I ended up giving a presentation that went way long, too long, but I think I might have opened a couple nineteenth century minds to the fact that there might be things in this world you cannot see or feel, that photography hasn't stopped with tin types or daguerreotypes.
I think I've managed to convince them to accept things they can't understand, there are a lot of things in my world I can't understand, I see them, I know something exists, but it's beyond my comprehension. I also spent some time getting to know them better, we just sat and talked. Melonie had already told me she was from Niles Michigan, I told her Niles is a fairly large town now and that it's outskirts run clear to the state line joining with South Bend. Her father owned a drug store her uncle was a doctor, something she would have loved to be, but women were discouraged from entering that field. I found her to be very intelligent, witty, but a little on the naïve side falling for an ad in the newspaper like she did. I then asked her what she planned to do now,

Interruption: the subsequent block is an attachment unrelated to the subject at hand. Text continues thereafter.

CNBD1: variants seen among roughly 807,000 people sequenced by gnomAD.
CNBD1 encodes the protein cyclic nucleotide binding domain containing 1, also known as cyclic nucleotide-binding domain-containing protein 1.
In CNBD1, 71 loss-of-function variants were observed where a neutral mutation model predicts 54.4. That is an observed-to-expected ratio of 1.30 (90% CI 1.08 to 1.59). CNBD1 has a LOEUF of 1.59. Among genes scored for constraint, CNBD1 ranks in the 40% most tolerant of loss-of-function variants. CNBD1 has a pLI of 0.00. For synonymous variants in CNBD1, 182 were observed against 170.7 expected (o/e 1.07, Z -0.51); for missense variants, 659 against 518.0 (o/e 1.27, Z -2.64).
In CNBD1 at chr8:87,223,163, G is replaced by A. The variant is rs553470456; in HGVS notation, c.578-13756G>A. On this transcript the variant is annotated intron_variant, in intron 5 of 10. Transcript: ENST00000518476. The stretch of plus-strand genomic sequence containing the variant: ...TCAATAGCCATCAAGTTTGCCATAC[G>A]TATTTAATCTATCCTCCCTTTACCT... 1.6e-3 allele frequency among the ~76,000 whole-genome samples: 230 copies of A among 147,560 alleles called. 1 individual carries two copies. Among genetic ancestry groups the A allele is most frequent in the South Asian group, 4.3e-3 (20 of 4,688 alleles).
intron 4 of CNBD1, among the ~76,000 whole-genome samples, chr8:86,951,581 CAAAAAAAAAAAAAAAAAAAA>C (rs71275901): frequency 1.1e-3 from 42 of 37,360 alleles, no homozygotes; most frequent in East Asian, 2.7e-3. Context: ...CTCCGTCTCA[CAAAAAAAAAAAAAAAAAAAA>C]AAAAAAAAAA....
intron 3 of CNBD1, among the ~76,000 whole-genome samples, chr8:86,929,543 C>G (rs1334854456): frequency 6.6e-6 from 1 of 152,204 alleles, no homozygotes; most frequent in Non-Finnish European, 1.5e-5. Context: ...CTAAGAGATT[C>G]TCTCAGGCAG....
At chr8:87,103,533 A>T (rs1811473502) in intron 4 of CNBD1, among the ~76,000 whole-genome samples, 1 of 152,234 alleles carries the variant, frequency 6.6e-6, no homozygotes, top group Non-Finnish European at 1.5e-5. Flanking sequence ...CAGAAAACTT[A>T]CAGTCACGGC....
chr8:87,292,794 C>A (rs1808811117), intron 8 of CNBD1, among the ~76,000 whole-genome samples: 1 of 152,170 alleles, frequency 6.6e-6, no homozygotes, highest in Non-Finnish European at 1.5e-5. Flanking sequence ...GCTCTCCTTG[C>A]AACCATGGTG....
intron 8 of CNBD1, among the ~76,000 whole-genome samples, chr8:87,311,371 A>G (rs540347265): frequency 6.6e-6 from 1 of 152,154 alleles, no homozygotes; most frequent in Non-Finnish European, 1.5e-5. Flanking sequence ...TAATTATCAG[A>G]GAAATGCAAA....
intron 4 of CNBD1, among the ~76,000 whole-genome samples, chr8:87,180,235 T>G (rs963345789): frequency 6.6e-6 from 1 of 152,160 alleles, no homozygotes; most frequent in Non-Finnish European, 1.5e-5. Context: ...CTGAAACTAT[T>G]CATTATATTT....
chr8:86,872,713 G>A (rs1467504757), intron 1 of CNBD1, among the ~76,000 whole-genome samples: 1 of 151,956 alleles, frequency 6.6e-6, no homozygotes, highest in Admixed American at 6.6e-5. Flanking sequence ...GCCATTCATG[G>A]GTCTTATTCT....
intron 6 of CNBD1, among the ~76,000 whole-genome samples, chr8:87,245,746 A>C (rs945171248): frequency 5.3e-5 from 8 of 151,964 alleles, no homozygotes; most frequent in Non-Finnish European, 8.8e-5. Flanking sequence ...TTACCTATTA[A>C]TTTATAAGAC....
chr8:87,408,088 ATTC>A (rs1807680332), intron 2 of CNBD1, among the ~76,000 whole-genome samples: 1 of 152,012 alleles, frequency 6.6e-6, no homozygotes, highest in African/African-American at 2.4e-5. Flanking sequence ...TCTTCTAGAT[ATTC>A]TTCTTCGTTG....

"I'm not sure, teach school perhaps, I'm out here, it's beautiful country, I think I'd like to stay for the time being. I told her I had an idea cooking in my brain but I was waiting for Jake to arrive before going ahead with it.
"Melonie, I'll try and help you all I can, your smart, in today's world women are doing everything there are no barriers to the things they want to do, think about what you want to do, and I help you." Montana was a woman entirely different, something was drawing me to her, something about her simply fascinated me and I wanted to find out what it was.